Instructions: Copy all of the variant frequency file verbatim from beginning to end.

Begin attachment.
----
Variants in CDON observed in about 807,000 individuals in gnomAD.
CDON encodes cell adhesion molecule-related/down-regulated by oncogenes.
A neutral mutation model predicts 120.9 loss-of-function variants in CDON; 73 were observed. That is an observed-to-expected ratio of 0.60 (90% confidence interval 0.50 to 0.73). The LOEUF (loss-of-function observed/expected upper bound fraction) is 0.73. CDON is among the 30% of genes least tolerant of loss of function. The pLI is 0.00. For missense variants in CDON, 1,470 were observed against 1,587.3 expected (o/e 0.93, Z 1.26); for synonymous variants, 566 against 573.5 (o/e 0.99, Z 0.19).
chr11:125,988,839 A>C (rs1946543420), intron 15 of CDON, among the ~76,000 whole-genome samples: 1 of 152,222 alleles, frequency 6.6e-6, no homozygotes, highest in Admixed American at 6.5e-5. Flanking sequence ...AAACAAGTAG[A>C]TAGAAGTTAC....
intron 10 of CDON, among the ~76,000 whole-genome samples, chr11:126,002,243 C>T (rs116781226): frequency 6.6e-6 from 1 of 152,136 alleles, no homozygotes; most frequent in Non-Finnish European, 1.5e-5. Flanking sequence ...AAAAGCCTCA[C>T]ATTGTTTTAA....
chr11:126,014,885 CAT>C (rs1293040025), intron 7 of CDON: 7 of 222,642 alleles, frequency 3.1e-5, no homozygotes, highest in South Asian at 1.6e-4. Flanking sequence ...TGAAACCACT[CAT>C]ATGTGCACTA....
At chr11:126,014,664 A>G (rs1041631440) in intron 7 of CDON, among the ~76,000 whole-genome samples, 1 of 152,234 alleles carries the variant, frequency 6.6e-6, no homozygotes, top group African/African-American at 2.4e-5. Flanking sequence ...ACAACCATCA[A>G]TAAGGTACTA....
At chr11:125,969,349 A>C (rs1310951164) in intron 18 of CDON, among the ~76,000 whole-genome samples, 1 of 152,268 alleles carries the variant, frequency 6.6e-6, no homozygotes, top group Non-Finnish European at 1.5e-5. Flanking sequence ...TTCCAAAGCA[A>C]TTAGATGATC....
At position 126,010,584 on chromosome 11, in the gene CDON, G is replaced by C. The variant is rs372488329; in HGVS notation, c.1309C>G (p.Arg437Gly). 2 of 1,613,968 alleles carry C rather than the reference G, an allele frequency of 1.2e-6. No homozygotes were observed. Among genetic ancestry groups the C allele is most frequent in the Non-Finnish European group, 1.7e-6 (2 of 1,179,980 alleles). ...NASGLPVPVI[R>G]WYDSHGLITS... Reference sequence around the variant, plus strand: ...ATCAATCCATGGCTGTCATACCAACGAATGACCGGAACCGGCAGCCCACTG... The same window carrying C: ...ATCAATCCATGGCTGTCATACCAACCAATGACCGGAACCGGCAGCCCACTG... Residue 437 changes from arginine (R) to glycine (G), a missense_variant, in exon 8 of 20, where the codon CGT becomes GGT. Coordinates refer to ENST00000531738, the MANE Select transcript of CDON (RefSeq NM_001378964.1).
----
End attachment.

Variants in CDON observed in about 807,000 individuals in gnomAD.
CDON encodes cell adhesion molecule-related/down-regulated by oncogenes.
A neutral mutation model predicts 120.9 loss-of-function variants in CDON; 73 were observed. That is an observed-to-expected ratio of 0.60 (90% confidence interval 0.50 to 0.73). The LOEUF (loss-of-function observed/expected upper bound fraction) is 0.73. CDON is among the 30% of genes least tolerant of loss of function. The pLI is 0.00. For missense variants in CDON, 1,470 were observed against 1,587.3 expected (o/e 0.93, Z 1.26); for synonymous variants, 566 against 573.5 (o/e 0.99, Z 0.19).
chr11:125,988,839 A>C (rs1946543420), intron 15 of CDON, among the ~76,000 whole-genome samples: 1 of 152,222 alleles, frequency 6.6e-6, no homozygotes, highest in Admixed American at 6.5e-5. Flanking sequence ...AAACAAGTAG[A>C]TAGAAGTTAC....
intron 10 of CDON, among the ~76,000 whole-genome samples, chr11:126,002,243 C>T (rs116781226): frequency 6.6e-6 from 1 of 152,136 alleles, no homozygotes; most frequent in Non-Finnish European, 1.5e-5. Flanking sequence ...AAAAGCCTCA[C>T]ATTGTTTTAA....
chr11:126,014,885 CAT>C (rs1293040025), intron 7 of CDON: 7 of 222,642 alleles, frequency 3.1e-5, no homozygotes, highest in South Asian at 1.6e-4. Flanking sequence ...TGAAACCACT[CAT>C]ATGTGCACTA....
At chr11:126,014,664 A>G (rs1041631440) in intron 7 of CDON, among the ~76,000 whole-genome samples, 1 of 152,234 alleles carries the variant, frequency 6.6e-6, no homozygotes, top group African/African-American at 2.4e-5. Flanking sequence ...ACAACCATCA[A>G]TAAGGTACTA....
At chr11:125,969,349 A>C (rs1310951164) in intron 18 of CDON, among the ~76,000 whole-genome samples, 1 of 152,268 alleles carries the variant, frequency 6.6e-6, no homozygotes, top group Non-Finnish European at 1.5e-5. Flanking sequence ...TTCCAAAGCA[A>C]TTAGATGATC....
At position 126,010,584 on chromosome 11, in the gene CDON, G is replaced by C. The variant is rs372488329; in HGVS notation, c.1309C>G (p.Arg437Gly). 2 of 1,613,968 alleles carry C rather than the reference G, an allele frequency of 1.2e-6. No homozygotes were observed. Among genetic ancestry groups the C allele is most frequent in the Non-Finnish European group, 1.7e-6 (2 of 1,179,980 alleles). ...NASGLPVPVI[R>G]WYDSHGLITS... Reference sequence around the variant, plus strand: ...ATCAATCCATGGCTGTCATACCAACGAATGACCGGAACCGGCAGCCCACTG... The same window carrying C: ...ATCAATCCATGGCTGTCATACCAACCAATGACCGGAACCGGCAGCCCACTG... Residue 437 changes from arginine (R) to glycine (G), a missense_variant, in exon 8 of 20, where the codon CGT becomes GGT. Coordinates refer to ENST00000531738, the MANE Select transcript of CDON (RefSeq NM_001378964.1).